NASA's Ingenuity helicopter completes third long-distance flight, with fastest-yet airspeed
NASA's Perseverance rover Mars mission has been a resounding success so far, with both its technology demonstrations showing promise. Last week, MOXIE successfully generated oxygen. This week the Ingenuity helicopter flew farther and faster than ever before on its third test flight. NASA engineers say they will push the helicopter harder in its next two test flights.
Ingenuity flew out beyond half a football field's length
On its first flight that lasted 39 seconds, Ingenuity attained an altitude of five meters, hovered, and then landed. In the second flight that lasted 52 seconds, it moved four meters side-to-side at 1.77 km/h. The latest 80-second-long flight saw the helicopter fly 80 meters north of its landing zone and return, averaging a speed of 7.24 km/h.
NASA Jet Propulsion Laboratory tweets upon completing third flight
Third flight in the history books✅— NASA JPL (@NASAJPL) April 25, 2021
Our #MarsHelicopter continues to set records, flying faster and farther. The space chopper is demonstrating critical capabilities that could enable the addition of an aerial dimension to future missions to Mars beyond. https://t.co/TNCdXWcKWE pic.twitter.com/Uaxrr23Rfh
Perseverance spectated test flights, doubled up as Ingenuity's radio base
The $85 million-worth helicopter's takeoff and landing "airfield" has been named the Wright Brothers Field in honor of aviation pioneers Wilbur and Orville Wright. All this while, Perseverance has been documenting the rotorcraft's outings and acting as its radio base, 65 meters away from the airfield. However, engineering data and flight performance metrics have been prioritized over visuals for immediate transmission to Earth.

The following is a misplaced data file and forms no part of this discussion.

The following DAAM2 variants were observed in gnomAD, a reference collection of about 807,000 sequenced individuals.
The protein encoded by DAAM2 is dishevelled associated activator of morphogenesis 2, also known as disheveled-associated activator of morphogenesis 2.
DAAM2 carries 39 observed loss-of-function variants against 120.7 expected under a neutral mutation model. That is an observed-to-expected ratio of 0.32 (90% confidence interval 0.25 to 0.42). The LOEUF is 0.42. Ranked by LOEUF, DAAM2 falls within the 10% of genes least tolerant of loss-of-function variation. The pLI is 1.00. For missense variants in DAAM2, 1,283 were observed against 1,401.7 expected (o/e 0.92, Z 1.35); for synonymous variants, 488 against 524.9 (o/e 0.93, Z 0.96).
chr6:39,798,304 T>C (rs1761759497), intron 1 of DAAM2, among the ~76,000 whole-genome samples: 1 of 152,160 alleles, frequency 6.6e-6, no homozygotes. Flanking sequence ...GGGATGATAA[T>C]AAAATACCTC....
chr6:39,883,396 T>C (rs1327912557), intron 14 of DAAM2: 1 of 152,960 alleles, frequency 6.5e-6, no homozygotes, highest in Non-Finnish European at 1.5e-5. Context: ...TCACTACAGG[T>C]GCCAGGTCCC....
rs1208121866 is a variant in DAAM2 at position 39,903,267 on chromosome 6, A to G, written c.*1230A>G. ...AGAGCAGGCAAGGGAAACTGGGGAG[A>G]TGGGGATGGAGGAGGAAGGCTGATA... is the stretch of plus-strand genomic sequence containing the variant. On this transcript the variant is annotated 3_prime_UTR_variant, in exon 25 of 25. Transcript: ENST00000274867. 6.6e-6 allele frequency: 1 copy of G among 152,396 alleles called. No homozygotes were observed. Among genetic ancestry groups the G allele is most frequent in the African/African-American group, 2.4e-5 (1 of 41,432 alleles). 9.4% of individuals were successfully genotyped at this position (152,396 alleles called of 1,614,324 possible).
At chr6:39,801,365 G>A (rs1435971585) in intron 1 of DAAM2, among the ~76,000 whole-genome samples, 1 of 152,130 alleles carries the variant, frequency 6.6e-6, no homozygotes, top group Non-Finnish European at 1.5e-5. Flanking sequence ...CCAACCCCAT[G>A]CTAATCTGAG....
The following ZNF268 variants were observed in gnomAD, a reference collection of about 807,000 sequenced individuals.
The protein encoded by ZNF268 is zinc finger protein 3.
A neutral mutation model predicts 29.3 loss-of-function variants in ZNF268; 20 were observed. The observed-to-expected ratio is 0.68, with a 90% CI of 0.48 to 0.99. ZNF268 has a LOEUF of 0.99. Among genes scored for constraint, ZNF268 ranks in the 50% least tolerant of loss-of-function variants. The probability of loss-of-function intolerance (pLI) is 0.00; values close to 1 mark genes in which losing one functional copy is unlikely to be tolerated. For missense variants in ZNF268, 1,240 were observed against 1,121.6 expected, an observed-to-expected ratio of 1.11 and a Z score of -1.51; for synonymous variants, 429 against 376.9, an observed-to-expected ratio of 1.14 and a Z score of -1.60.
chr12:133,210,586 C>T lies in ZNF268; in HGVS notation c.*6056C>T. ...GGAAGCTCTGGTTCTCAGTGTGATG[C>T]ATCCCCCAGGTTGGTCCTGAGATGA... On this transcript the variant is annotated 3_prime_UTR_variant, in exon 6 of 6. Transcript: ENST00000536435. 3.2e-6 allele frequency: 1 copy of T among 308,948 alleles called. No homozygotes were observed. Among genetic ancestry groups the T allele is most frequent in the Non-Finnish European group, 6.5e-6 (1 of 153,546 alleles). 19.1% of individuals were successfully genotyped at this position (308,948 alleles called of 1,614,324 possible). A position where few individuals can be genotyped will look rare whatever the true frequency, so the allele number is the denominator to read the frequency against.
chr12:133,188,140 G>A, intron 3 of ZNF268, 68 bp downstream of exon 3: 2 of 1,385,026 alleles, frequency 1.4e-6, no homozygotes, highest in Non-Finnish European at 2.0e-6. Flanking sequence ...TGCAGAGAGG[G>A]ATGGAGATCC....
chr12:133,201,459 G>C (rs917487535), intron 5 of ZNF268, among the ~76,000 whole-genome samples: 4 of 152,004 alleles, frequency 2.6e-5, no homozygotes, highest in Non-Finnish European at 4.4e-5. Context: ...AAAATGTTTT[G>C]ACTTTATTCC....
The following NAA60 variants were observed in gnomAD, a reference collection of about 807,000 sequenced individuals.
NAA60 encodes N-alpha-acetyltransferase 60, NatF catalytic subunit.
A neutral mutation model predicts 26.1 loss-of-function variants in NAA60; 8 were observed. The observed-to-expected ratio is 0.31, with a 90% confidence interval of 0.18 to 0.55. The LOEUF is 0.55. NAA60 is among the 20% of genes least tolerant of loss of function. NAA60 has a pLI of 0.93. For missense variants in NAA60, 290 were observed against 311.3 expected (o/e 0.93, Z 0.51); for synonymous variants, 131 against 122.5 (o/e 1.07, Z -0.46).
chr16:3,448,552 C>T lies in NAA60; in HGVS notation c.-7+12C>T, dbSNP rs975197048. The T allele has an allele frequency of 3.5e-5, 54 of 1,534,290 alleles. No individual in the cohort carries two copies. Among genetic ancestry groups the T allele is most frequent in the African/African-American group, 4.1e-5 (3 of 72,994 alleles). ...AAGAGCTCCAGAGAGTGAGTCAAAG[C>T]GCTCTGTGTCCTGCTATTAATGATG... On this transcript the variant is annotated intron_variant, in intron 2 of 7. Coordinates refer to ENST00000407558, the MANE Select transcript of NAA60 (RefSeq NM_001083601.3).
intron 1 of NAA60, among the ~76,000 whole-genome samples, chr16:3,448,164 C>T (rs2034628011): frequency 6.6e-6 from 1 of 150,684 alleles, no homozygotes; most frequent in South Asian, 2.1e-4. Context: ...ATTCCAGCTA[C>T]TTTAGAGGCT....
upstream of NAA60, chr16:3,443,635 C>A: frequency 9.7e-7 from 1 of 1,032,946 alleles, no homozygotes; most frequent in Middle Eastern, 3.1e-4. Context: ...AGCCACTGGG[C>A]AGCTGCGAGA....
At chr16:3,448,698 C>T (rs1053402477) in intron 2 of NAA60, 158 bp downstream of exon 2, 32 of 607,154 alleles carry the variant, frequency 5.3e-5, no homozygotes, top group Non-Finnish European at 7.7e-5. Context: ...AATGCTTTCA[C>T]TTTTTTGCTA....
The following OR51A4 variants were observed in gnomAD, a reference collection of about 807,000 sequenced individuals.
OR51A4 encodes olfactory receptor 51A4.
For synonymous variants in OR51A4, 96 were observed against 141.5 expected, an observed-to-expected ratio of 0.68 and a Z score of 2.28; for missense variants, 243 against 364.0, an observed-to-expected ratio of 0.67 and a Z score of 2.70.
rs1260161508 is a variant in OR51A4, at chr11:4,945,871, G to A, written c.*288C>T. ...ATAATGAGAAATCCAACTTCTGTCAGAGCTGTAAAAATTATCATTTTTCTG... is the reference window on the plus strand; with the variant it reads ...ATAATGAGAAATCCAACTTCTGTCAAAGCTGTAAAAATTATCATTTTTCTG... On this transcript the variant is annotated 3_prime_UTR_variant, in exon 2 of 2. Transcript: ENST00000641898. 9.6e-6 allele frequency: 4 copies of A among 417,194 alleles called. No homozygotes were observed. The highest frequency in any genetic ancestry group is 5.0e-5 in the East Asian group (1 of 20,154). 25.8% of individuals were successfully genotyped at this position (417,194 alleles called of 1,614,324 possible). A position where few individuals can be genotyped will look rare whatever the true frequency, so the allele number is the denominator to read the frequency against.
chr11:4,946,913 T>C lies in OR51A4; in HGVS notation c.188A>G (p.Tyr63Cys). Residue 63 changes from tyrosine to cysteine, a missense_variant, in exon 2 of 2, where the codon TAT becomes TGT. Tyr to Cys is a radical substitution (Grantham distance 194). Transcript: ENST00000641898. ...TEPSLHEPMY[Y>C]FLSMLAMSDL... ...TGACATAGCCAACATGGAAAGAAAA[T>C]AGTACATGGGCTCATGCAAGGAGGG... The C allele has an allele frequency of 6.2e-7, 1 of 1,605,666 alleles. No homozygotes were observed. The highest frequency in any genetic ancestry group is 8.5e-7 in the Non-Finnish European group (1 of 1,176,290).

Ingenuity was sent to explore feasibility of extraterrestrial powered flight
The idea behind sending Ingenuity to Mars was to explore the possibility of unmanned, powered flight on other planets. The most challenging aspect of the flight was the extremely thin Martian atmosphere that's just one percent as dense as Earth's. Additionally, piloting Ingenuity from Earth in real-time was impossible since signals reportedly take 16.5 minutes to travel 295 million kilometers between the planets.
Last two attempts will be "really adventurous": Ingenuity project manager
NASA has said Ingenuity will take to Martian skies two more times before Perseverance shifts focus back to its primary mission of finding signs of ancient life in the Jezero crater. BBC reported that NASA engineers want to push the technology even harder in an attempt to find the chopper's limits, even if that means crashing it in the process.